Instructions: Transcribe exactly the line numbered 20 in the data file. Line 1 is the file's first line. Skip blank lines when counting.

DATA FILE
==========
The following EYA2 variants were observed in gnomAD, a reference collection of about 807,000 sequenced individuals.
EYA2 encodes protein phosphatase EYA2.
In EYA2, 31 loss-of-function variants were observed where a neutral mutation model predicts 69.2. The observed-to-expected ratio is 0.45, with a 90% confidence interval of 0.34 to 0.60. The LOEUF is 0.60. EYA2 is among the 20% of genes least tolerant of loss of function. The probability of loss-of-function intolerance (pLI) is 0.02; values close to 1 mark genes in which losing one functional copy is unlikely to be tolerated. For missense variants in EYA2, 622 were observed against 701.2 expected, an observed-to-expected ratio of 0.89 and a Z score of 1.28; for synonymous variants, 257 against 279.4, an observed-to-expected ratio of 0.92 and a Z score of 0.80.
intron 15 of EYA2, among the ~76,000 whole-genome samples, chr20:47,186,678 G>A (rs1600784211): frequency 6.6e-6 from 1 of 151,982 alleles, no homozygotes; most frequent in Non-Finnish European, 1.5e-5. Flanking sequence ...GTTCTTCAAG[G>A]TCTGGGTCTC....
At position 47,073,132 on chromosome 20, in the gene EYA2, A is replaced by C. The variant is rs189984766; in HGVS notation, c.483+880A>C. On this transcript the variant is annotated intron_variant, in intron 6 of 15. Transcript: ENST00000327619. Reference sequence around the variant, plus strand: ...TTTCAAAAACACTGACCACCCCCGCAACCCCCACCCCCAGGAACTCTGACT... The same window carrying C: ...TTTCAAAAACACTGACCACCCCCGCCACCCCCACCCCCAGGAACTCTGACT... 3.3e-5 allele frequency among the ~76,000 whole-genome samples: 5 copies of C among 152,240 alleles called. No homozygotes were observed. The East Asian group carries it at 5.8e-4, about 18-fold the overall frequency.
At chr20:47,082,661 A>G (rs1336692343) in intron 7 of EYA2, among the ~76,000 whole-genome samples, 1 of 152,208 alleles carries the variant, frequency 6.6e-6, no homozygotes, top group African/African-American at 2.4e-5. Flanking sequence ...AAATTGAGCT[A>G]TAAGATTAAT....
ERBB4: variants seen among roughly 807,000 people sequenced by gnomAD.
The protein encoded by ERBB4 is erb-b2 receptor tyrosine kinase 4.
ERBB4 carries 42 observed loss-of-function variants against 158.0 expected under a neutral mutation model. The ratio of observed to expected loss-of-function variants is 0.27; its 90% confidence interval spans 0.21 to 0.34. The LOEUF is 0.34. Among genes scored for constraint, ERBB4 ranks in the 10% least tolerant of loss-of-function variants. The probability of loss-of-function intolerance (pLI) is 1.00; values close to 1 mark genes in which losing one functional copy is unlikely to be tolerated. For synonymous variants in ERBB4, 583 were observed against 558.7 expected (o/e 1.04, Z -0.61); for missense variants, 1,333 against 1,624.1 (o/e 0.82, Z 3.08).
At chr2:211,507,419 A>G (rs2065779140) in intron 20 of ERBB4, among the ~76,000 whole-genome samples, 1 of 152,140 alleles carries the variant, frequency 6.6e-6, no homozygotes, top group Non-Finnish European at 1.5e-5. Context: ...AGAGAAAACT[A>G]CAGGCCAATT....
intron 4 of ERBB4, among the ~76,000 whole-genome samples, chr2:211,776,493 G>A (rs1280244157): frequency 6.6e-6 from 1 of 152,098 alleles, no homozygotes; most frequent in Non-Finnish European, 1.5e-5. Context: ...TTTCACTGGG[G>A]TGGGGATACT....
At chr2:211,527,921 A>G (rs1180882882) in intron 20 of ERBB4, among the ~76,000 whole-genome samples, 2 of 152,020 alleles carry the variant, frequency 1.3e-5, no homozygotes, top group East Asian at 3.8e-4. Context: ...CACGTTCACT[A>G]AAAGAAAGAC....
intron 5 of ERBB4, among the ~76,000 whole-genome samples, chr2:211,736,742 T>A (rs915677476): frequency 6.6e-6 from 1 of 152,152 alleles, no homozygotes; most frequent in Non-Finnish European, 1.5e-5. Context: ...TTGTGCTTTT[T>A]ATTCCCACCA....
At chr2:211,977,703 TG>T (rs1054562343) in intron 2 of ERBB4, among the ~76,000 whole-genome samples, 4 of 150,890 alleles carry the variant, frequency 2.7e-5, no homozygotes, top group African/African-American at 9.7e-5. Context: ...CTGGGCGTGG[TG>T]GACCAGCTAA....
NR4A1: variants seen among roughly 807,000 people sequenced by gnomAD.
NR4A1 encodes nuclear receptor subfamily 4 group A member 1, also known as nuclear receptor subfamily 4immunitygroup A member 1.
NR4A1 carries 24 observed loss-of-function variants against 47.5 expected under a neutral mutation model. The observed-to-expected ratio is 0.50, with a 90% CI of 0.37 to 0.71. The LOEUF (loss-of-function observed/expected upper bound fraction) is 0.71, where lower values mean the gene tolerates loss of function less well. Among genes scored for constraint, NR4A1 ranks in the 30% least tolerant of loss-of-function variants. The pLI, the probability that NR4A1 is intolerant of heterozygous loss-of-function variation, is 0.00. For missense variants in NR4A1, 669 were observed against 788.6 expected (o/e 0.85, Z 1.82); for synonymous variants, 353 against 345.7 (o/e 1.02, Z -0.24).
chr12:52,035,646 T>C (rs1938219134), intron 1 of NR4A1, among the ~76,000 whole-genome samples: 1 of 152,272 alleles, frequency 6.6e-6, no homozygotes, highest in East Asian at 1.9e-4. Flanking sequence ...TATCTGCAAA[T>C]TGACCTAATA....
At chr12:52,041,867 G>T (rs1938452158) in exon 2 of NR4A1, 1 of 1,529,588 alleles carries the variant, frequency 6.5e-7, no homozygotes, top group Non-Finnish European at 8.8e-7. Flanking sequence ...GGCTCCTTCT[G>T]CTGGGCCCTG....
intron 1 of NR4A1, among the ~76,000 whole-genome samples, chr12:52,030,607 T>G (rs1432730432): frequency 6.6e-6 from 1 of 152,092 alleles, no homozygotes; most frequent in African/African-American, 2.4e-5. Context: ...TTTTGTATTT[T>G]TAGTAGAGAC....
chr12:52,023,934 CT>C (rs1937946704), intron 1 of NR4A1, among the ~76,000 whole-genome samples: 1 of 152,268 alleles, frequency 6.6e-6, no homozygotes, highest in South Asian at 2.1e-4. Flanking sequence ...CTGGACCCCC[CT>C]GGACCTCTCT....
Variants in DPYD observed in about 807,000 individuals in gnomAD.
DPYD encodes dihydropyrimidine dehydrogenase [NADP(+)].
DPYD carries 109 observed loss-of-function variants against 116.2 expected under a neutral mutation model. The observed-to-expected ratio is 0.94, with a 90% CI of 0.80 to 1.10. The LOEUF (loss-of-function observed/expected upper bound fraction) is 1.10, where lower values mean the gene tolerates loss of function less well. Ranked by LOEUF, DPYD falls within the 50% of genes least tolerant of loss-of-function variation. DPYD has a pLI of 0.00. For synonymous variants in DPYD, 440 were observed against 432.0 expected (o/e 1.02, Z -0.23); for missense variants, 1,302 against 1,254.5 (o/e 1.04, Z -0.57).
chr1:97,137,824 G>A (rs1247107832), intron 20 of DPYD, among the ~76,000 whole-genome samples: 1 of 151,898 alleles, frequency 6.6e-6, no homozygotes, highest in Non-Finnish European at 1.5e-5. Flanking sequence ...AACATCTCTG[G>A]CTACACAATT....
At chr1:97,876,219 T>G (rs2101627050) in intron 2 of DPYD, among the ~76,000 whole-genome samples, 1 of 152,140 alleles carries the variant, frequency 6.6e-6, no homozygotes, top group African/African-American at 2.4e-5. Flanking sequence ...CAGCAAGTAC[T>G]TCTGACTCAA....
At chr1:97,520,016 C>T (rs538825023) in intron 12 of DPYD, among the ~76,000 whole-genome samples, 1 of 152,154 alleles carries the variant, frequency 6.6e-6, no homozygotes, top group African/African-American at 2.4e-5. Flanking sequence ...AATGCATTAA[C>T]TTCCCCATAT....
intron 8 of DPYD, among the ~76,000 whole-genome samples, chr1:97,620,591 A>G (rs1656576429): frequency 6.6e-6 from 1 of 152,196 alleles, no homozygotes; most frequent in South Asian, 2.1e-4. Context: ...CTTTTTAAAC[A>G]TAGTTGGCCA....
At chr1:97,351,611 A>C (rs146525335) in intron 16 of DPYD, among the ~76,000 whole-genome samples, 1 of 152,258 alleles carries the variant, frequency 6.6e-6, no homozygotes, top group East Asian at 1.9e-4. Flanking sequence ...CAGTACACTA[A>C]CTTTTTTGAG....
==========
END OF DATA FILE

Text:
intron 1 of NR4A1, among the ~76,000 whole-genome samples, chr12:52,030,607 T>G (rs1432730432): frequency 6.6e-6 from 1 of 152,092 alleles, no homozygotes; most frequent in African/African-American, 2.4e-5. Context: ...TTTTGTATTT[T>G]TAGTAGAGAC....